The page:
Airplane Virus Safety

Airplane interior

Flying can be stressful in many ways - flight delays, lost luggage, turbulence - but by following the proper airplane virus safety tips frequent flyers can avoid adding illness to that list.

Illnesses on Airplanes

With more than 750 million passengers taking to the skies in the United States each year, it is no surprise that illnesses passed from traveler to traveler are on the rise. Because many flights are full or even overbooked, passengers have little choice but to rub elbows with their seatmates, increasing the risk of transmitting bacteria or viruses responsible for many uncomfortable diseases.

At the same time, airlines strive to keep planes as sanitary as possible. The air supply in passenger cabins is highly filtered with advanced HEPA filters before being diluted and recirculated, keeping any airborne contagion to a minimum. Furthermore, if an obviously ill passenger attempts to board an aircraft, the flight crew has the authority to deny them access. Each plane is cleaned between flights, though the exact sanitation measures vary depending on the airline, type of aircraft, length of previous flight, and other factors.

In general, passengers on board an aircraft are no more likely to contract viruses from their fellow passengers than individuals sharing a crowded elevator, riding on the same public bus, or working together in the same cubicle-maze office. Because many airline flights lead to important events such as vacations, business meetings, weddings, and other special occasions, taking extra precautions to prevent contracting a virus while flying is a wise thing for every passenger to do.

Airplane Virus Safety Tips

Staying healthy while flying begins long before checking a boarding pass or submitting to security screenings.

Making Reservations

The type of reservations passengers make can limit their exposure to airplane virus safety risks.

  • Choose larger aircraft that is more likely to have empty seats to add buffers between passengers.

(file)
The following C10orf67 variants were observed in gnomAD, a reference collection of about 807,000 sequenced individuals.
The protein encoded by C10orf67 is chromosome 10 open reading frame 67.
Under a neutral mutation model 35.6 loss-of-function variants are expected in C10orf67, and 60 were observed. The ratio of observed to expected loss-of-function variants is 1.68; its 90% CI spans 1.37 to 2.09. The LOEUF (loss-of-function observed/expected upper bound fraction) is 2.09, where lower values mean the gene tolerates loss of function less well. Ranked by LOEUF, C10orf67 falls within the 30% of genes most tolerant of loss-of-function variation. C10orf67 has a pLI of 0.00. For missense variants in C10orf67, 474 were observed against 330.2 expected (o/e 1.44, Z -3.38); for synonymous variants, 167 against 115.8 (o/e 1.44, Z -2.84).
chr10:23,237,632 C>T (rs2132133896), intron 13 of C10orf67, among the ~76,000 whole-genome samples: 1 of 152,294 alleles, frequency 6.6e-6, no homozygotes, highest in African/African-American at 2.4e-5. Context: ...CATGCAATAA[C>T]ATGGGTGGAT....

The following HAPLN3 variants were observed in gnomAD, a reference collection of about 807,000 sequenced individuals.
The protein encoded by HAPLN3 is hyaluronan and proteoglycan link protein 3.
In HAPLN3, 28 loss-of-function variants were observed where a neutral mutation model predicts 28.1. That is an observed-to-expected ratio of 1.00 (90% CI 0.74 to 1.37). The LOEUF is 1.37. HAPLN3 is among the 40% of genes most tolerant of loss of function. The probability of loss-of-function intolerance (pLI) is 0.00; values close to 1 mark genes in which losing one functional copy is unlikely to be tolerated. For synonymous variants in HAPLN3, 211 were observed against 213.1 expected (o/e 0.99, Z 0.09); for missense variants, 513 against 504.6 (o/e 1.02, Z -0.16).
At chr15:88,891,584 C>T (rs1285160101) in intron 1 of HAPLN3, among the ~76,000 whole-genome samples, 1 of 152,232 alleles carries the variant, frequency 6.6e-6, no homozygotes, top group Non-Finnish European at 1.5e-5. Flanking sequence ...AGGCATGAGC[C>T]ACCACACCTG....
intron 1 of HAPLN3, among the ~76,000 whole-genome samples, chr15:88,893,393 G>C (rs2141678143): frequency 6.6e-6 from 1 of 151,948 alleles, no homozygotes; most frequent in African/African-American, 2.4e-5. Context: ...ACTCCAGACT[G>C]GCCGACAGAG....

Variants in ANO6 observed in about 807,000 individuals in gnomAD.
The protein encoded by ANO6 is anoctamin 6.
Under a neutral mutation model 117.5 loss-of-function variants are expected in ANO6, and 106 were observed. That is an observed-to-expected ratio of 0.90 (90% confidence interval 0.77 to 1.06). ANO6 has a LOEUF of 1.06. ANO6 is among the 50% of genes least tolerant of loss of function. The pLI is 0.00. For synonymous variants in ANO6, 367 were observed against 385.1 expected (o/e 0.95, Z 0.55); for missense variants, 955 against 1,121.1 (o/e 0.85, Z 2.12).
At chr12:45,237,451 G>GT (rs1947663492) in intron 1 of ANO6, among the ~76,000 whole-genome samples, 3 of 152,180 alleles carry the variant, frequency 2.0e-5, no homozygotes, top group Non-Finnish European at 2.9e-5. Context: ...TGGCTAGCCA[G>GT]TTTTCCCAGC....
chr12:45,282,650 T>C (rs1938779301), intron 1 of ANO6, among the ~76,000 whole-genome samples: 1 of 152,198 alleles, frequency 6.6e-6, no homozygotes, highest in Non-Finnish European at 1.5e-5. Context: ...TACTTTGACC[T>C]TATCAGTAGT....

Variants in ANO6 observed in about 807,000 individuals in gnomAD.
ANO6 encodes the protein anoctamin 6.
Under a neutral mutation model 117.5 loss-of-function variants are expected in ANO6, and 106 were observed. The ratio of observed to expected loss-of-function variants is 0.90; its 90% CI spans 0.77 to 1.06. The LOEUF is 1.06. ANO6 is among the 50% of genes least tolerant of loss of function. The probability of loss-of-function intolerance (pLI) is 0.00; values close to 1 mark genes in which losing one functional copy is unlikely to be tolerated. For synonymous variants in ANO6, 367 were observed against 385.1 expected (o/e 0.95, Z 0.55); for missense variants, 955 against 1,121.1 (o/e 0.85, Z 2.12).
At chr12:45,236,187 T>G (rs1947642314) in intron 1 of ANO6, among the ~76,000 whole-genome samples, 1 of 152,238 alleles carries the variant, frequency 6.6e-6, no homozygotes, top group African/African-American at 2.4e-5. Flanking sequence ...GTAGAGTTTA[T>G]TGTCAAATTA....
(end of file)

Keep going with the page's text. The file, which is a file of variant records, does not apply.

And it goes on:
• Opt for business or first class seats if possible for more personal space.
  • Choose to fly during non-peak times and along non-peak routes to increase the chances of a partially empty flight and less-crowded airport.
  • Sit in the rear of the aircraft to reduce the number of passengers who must pass your seat.
  • Choose a window seat if possible to minimize contact with passing travelers or seatmates.

Before You Fly

Following healthy behaviors several weeks before flying can bolster passengers' immune systems and make them less vulnerable to any potential viruses:

  • Take a regular multivitamin and opt for extra Vitamin C if possible.
  • Eat a healthy diet with plenty of fruits and vegetables and only limited junk foods.
  • Get enough sleep, especially right before the flight to rest the body well and increase its defenses.
  • Exercise regularly to help strengthen the body's immune system.
  • Do not travel if you are ill or if you may be getting sick. Not only is your immune system weaker at that point, but you also risk spreading the disease to other passengers.
  • Practice relaxation techniques that can reduce stress; stress lowers the body's resistance to illness.
  • If you will be traveling during cold and flu season, get a flu shot before flying.

Getting On Board

The biggest risk of contracting a virus while flying comes from direct physical contact with infected surfaces. To avoid this risk of virus contagion, follow these tips.

  • Use the restrooms in the airport immediately before boarding and wash your hands thoroughly with hot soap and water.
  • Use a sleeve, tissue, or handkerchief as protection when opening the overhead compartment to avoid direct physical contact. If possible, store carry on items beneath the seat in front of you and avoid using the overhead compartment at all.
  • Carry antibacterial, disinfectant wipes to use on seatbelt buckles, armrests, tray table surfaces, window screens, and other potentially infected surfaces.

During the Flight

Additional cleanliness measures during the flight can keep passengers safe from viral infections:

  • Carry antibacterial gels and foams to keep your hands clean after touching questionable surfaces.
  • Use your own pillows or blankets rather than requesting them from the flight attendants.
  • Stay hydrated by drinking water, tea, or juice to keep nose and throat membranes moist so they can more effectively screen out viruses and bacteria. Avoid soda and coffee, both of which actually dehydrate membranes.
  • Follow food safety precautions if eating meals onboard the aircraft; foods should be the appropriate temperature when served. If you brought food on board the aircraft from the airport, be sure it is the proper temperature before eating.

Safely Landed

Airplane virus safety precautions should not end until travelers have left the airport:

  • When the plane lands, stay seated if possible and avoid the rush of bodies exiting the aircraft.
  • Avoid excess contact with seat backs, overhead compartment handles, and other surfaces that have been repeatedly touched by hundreds of passengers.
  • When picking up checked baggage, wipe handles carefully with an antibacterial wipe to ensure they are clean.

A Final Note

Simple cleanliness precautions and airplane virus safety tips can help travelers avoid contracting illnesses while flying, which will in turn let them enjoy their destination in good health.

Airplane Virus Safety